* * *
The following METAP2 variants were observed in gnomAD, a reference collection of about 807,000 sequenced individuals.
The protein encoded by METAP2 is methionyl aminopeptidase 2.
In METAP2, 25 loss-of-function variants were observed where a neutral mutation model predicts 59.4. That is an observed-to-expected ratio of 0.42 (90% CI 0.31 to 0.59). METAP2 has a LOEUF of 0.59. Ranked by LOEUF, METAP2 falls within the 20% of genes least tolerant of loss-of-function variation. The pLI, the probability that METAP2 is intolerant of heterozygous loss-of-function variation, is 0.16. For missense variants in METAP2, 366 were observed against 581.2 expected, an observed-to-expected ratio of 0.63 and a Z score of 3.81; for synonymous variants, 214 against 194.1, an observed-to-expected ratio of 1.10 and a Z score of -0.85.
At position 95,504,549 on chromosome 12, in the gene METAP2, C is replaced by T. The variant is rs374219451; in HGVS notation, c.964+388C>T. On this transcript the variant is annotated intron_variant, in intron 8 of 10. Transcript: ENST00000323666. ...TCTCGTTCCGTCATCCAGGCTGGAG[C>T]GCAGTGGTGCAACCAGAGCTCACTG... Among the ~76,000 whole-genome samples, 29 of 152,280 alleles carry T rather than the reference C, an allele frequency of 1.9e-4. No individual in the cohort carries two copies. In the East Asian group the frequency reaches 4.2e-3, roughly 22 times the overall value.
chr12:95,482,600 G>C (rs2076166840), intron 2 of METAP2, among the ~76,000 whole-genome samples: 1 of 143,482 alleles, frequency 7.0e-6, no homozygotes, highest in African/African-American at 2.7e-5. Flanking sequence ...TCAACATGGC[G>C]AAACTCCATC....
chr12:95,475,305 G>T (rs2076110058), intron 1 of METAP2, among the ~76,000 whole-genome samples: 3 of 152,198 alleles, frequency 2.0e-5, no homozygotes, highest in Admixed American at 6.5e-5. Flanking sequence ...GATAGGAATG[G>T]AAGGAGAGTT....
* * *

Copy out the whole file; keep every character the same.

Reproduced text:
The following METAP2 variants were observed in gnomAD, a reference collection of about 807,000 sequenced individuals.
The protein encoded by METAP2 is methionyl aminopeptidase 2.
In METAP2, 25 loss-of-function variants were observed where a neutral mutation model predicts 59.4. That is an observed-to-expected ratio of 0.42 (90% CI 0.31 to 0.59). METAP2 has a LOEUF of 0.59. Ranked by LOEUF, METAP2 falls within the 20% of genes least tolerant of loss-of-function variation. The pLI, the probability that METAP2 is intolerant of heterozygous loss-of-function variation, is 0.16. For missense variants in METAP2, 366 were observed against 581.2 expected, an observed-to-expected ratio of 0.63 and a Z score of 3.81; for synonymous variants, 214 against 194.1, an observed-to-expected ratio of 1.10 and a Z score of -0.85.
At position 95,504,549 on chromosome 12, in the gene METAP2, C is replaced by T. The variant is rs374219451; in HGVS notation, c.964+388C>T. On this transcript the variant is annotated intron_variant, in intron 8 of 10. Transcript: ENST00000323666. ...TCTCGTTCCGTCATCCAGGCTGGAG[C>T]GCAGTGGTGCAACCAGAGCTCACTG... Among the ~76,000 whole-genome samples, 29 of 152,280 alleles carry T rather than the reference C, an allele frequency of 1.9e-4. No individual in the cohort carries two copies. In the East Asian group the frequency reaches 4.2e-3, roughly 22 times the overall value.
chr12:95,482,600 G>C (rs2076166840), intron 2 of METAP2, among the ~76,000 whole-genome samples: 1 of 143,482 alleles, frequency 7.0e-6, no homozygotes, highest in African/African-American at 2.7e-5. Flanking sequence ...TCAACATGGC[G>C]AAACTCCATC....
chr12:95,475,305 G>T (rs2076110058), intron 1 of METAP2, among the ~76,000 whole-genome samples: 3 of 152,198 alleles, frequency 2.0e-5, no homozygotes, highest in Admixed American at 6.5e-5. Flanking sequence ...GATAGGAATG[G>T]AAGGAGAGTT....